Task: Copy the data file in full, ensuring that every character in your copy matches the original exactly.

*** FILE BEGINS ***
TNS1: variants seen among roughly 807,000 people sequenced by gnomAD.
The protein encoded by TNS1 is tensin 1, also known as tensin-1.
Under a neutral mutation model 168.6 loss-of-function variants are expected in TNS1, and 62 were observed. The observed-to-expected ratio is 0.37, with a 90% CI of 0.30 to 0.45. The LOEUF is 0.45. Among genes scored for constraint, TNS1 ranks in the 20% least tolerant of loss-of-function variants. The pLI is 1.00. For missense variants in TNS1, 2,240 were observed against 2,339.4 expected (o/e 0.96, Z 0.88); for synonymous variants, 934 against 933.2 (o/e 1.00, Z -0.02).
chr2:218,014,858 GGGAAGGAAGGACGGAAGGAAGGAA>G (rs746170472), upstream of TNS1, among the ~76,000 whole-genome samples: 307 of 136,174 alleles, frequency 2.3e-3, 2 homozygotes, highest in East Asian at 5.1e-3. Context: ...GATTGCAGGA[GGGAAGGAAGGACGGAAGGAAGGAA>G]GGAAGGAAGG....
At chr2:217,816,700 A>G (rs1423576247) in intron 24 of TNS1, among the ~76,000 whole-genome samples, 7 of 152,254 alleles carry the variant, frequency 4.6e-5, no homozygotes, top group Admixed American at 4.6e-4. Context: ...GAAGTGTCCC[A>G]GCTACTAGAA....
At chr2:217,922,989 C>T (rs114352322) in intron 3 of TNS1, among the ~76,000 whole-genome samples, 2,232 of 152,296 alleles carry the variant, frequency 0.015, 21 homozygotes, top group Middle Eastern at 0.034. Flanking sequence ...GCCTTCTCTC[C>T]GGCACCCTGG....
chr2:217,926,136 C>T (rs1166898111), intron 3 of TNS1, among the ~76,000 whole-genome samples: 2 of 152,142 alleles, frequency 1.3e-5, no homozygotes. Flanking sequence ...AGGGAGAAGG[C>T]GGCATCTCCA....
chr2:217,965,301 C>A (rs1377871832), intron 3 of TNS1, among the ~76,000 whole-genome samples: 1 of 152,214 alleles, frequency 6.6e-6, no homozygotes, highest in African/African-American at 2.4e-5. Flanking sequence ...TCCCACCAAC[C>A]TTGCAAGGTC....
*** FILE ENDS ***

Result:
TNS1: variants seen among roughly 807,000 people sequenced by gnomAD.
The protein encoded by TNS1 is tensin 1, also known as tensin-1.
Under a neutral mutation model 168.6 loss-of-function variants are expected in TNS1, and 62 were observed. The observed-to-expected ratio is 0.37, with a 90% CI of 0.30 to 0.45. The LOEUF is 0.45. Among genes scored for constraint, TNS1 ranks in the 20% least tolerant of loss-of-function variants. The pLI is 1.00. For missense variants in TNS1, 2,240 were observed against 2,339.4 expected (o/e 0.96, Z 0.88); for synonymous variants, 934 against 933.2 (o/e 1.00, Z -0.02).
chr2:218,014,858 GGGAAGGAAGGACGGAAGGAAGGAA>G (rs746170472), upstream of TNS1, among the ~76,000 whole-genome samples: 307 of 136,174 alleles, frequency 2.3e-3, 2 homozygotes, highest in East Asian at 5.1e-3. Context: ...GATTGCAGGA[GGGAAGGAAGGACGGAAGGAAGGAA>G]GGAAGGAAGG....
At chr2:217,816,700 A>G (rs1423576247) in intron 24 of TNS1, among the ~76,000 whole-genome samples, 7 of 152,254 alleles carry the variant, frequency 4.6e-5, no homozygotes, top group Admixed American at 4.6e-4. Context: ...GAAGTGTCCC[A>G]GCTACTAGAA....
At chr2:217,922,989 C>T (rs114352322) in intron 3 of TNS1, among the ~76,000 whole-genome samples, 2,232 of 152,296 alleles carry the variant, frequency 0.015, 21 homozygotes, top group Middle Eastern at 0.034. Flanking sequence ...GCCTTCTCTC[C>T]GGCACCCTGG....
chr2:217,926,136 C>T (rs1166898111), intron 3 of TNS1, among the ~76,000 whole-genome samples: 2 of 152,142 alleles, frequency 1.3e-5, no homozygotes. Flanking sequence ...AGGGAGAAGG[C>T]GGCATCTCCA....
chr2:217,965,301 C>A (rs1377871832), intron 3 of TNS1, among the ~76,000 whole-genome samples: 1 of 152,214 alleles, frequency 6.6e-6, no homozygotes, highest in African/African-American at 2.4e-5. Flanking sequence ...TCCCACCAAC[C>A]TTGCAAGGTC....